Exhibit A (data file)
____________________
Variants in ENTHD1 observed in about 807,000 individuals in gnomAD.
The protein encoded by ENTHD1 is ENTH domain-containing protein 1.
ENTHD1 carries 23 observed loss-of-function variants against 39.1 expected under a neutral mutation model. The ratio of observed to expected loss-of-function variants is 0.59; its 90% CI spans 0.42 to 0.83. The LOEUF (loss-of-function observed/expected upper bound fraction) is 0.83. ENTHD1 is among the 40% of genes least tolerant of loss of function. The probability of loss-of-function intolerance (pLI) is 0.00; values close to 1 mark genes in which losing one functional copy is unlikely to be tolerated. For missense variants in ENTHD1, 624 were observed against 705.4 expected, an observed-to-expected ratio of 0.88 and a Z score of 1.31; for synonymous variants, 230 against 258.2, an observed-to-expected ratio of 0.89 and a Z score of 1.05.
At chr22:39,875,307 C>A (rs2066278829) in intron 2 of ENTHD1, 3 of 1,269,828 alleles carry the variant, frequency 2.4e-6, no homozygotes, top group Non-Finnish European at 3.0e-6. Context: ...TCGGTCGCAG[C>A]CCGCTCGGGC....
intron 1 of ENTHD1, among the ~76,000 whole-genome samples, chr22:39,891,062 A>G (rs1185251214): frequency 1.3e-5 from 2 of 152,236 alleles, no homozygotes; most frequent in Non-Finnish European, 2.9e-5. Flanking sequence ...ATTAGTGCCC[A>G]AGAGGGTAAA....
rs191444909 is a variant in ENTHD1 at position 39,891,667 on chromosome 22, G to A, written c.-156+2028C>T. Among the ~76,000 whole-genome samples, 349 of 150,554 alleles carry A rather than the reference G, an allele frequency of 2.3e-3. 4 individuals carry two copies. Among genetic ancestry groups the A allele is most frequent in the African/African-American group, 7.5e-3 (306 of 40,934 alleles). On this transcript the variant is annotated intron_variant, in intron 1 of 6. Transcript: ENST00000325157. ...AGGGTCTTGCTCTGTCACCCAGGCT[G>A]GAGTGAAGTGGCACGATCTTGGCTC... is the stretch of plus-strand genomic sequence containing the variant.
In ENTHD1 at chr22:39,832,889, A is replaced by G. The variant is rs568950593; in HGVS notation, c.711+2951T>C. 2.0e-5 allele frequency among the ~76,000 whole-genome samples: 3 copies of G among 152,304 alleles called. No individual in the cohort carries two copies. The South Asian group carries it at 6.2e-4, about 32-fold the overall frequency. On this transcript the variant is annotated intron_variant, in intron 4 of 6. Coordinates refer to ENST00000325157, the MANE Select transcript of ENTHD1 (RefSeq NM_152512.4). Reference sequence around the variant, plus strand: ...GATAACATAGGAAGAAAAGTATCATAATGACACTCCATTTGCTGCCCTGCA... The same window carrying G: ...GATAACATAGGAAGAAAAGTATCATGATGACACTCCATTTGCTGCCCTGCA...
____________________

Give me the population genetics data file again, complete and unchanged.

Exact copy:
Variants in ENTHD1 observed in about 807,000 individuals in gnomAD.
The protein encoded by ENTHD1 is ENTH domain-containing protein 1.
ENTHD1 carries 23 observed loss-of-function variants against 39.1 expected under a neutral mutation model. The ratio of observed to expected loss-of-function variants is 0.59; its 90% CI spans 0.42 to 0.83. The LOEUF (loss-of-function observed/expected upper bound fraction) is 0.83. ENTHD1 is among the 40% of genes least tolerant of loss of function. The probability of loss-of-function intolerance (pLI) is 0.00; values close to 1 mark genes in which losing one functional copy is unlikely to be tolerated. For missense variants in ENTHD1, 624 were observed against 705.4 expected, an observed-to-expected ratio of 0.88 and a Z score of 1.31; for synonymous variants, 230 against 258.2, an observed-to-expected ratio of 0.89 and a Z score of 1.05.
At chr22:39,875,307 C>A (rs2066278829) in intron 2 of ENTHD1, 3 of 1,269,828 alleles carry the variant, frequency 2.4e-6, no homozygotes, top group Non-Finnish European at 3.0e-6. Context: ...TCGGTCGCAG[C>A]CCGCTCGGGC....
intron 1 of ENTHD1, among the ~76,000 whole-genome samples, chr22:39,891,062 A>G (rs1185251214): frequency 1.3e-5 from 2 of 152,236 alleles, no homozygotes; most frequent in Non-Finnish European, 2.9e-5. Flanking sequence ...ATTAGTGCCC[A>G]AGAGGGTAAA....
rs191444909 is a variant in ENTHD1 at position 39,891,667 on chromosome 22, G to A, written c.-156+2028C>T. Among the ~76,000 whole-genome samples, 349 of 150,554 alleles carry A rather than the reference G, an allele frequency of 2.3e-3. 4 individuals carry two copies. Among genetic ancestry groups the A allele is most frequent in the African/African-American group, 7.5e-3 (306 of 40,934 alleles). On this transcript the variant is annotated intron_variant, in intron 1 of 6. Transcript: ENST00000325157. ...AGGGTCTTGCTCTGTCACCCAGGCT[G>A]GAGTGAAGTGGCACGATCTTGGCTC... is the stretch of plus-strand genomic sequence containing the variant.
In ENTHD1 at chr22:39,832,889, A is replaced by G. The variant is rs568950593; in HGVS notation, c.711+2951T>C. 2.0e-5 allele frequency among the ~76,000 whole-genome samples: 3 copies of G among 152,304 alleles called. No individual in the cohort carries two copies. The South Asian group carries it at 6.2e-4, about 32-fold the overall frequency. On this transcript the variant is annotated intron_variant, in intron 4 of 6. Coordinates refer to ENST00000325157, the MANE Select transcript of ENTHD1 (RefSeq NM_152512.4). Reference sequence around the variant, plus strand: ...GATAACATAGGAAGAAAAGTATCATAATGACACTCCATTTGCTGCCCTGCA... The same window carrying G: ...GATAACATAGGAAGAAAAGTATCATGATGACACTCCATTTGCTGCCCTGCA...